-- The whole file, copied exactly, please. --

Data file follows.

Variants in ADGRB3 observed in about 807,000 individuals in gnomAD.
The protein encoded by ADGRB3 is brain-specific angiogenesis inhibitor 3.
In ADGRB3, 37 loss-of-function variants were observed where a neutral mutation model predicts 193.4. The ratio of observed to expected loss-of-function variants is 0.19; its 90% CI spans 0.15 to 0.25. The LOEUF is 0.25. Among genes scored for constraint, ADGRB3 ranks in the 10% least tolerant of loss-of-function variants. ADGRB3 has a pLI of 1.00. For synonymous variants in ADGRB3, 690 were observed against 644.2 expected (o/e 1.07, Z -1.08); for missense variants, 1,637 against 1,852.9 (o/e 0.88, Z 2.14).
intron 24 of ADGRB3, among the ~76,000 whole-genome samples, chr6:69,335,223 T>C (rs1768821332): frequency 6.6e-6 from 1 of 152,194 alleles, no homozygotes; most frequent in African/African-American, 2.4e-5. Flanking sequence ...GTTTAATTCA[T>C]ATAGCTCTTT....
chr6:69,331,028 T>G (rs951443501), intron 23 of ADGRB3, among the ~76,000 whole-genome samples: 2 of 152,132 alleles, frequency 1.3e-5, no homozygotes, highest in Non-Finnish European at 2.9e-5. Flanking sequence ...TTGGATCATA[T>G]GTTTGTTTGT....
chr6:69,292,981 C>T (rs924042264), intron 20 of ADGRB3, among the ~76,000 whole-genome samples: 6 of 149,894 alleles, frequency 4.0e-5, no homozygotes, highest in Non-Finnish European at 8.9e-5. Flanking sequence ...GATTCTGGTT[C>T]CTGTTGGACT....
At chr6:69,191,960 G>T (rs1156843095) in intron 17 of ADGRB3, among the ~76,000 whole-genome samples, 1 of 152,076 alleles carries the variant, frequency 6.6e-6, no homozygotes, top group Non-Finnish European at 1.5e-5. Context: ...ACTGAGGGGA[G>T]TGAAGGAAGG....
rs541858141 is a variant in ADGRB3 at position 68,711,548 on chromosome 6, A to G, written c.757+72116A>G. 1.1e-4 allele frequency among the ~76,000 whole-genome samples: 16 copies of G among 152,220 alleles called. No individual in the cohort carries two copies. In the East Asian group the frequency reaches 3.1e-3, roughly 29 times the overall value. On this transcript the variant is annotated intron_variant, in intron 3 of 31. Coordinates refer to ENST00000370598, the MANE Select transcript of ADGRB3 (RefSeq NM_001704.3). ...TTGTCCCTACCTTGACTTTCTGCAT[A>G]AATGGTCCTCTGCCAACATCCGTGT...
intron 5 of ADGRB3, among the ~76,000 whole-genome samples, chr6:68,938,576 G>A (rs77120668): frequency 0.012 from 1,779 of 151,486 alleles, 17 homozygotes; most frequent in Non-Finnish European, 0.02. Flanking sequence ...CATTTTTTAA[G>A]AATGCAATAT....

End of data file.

Variants in ADGRB3 observed in about 807,000 individuals in gnomAD.
The protein encoded by ADGRB3 is brain-specific angiogenesis inhibitor 3.
In ADGRB3, 37 loss-of-function variants were observed where a neutral mutation model predicts 193.4. The ratio of observed to expected loss-of-function variants is 0.19; its 90% CI spans 0.15 to 0.25. The LOEUF is 0.25. Among genes scored for constraint, ADGRB3 ranks in the 10% least tolerant of loss-of-function variants. ADGRB3 has a pLI of 1.00. For synonymous variants in ADGRB3, 690 were observed against 644.2 expected (o/e 1.07, Z -1.08); for missense variants, 1,637 against 1,852.9 (o/e 0.88, Z 2.14).
intron 24 of ADGRB3, among the ~76,000 whole-genome samples, chr6:69,335,223 T>C (rs1768821332): frequency 6.6e-6 from 1 of 152,194 alleles, no homozygotes; most frequent in African/African-American, 2.4e-5. Flanking sequence ...GTTTAATTCA[T>C]ATAGCTCTTT....
chr6:69,331,028 T>G (rs951443501), intron 23 of ADGRB3, among the ~76,000 whole-genome samples: 2 of 152,132 alleles, frequency 1.3e-5, no homozygotes, highest in Non-Finnish European at 2.9e-5. Flanking sequence ...TTGGATCATA[T>G]GTTTGTTTGT....
chr6:69,292,981 C>T (rs924042264), intron 20 of ADGRB3, among the ~76,000 whole-genome samples: 6 of 149,894 alleles, frequency 4.0e-5, no homozygotes, highest in Non-Finnish European at 8.9e-5. Flanking sequence ...GATTCTGGTT[C>T]CTGTTGGACT....
At chr6:69,191,960 G>T (rs1156843095) in intron 17 of ADGRB3, among the ~76,000 whole-genome samples, 1 of 152,076 alleles carries the variant, frequency 6.6e-6, no homozygotes, top group Non-Finnish European at 1.5e-5. Context: ...ACTGAGGGGA[G>T]TGAAGGAAGG....
rs541858141 is a variant in ADGRB3 at position 68,711,548 on chromosome 6, A to G, written c.757+72116A>G. 1.1e-4 allele frequency among the ~76,000 whole-genome samples: 16 copies of G among 152,220 alleles called. No individual in the cohort carries two copies. In the East Asian group the frequency reaches 3.1e-3, roughly 29 times the overall value. On this transcript the variant is annotated intron_variant, in intron 3 of 31. Coordinates refer to ENST00000370598, the MANE Select transcript of ADGRB3 (RefSeq NM_001704.3). ...TTGTCCCTACCTTGACTTTCTGCAT[A>G]AATGGTCCTCTGCCAACATCCGTGT...
intron 5 of ADGRB3, among the ~76,000 whole-genome samples, chr6:68,938,576 G>A (rs77120668): frequency 0.012 from 1,779 of 151,486 alleles, 17 homozygotes; most frequent in Non-Finnish European, 0.02. Flanking sequence ...CATTTTTTAA[G>A]AATGCAATAT....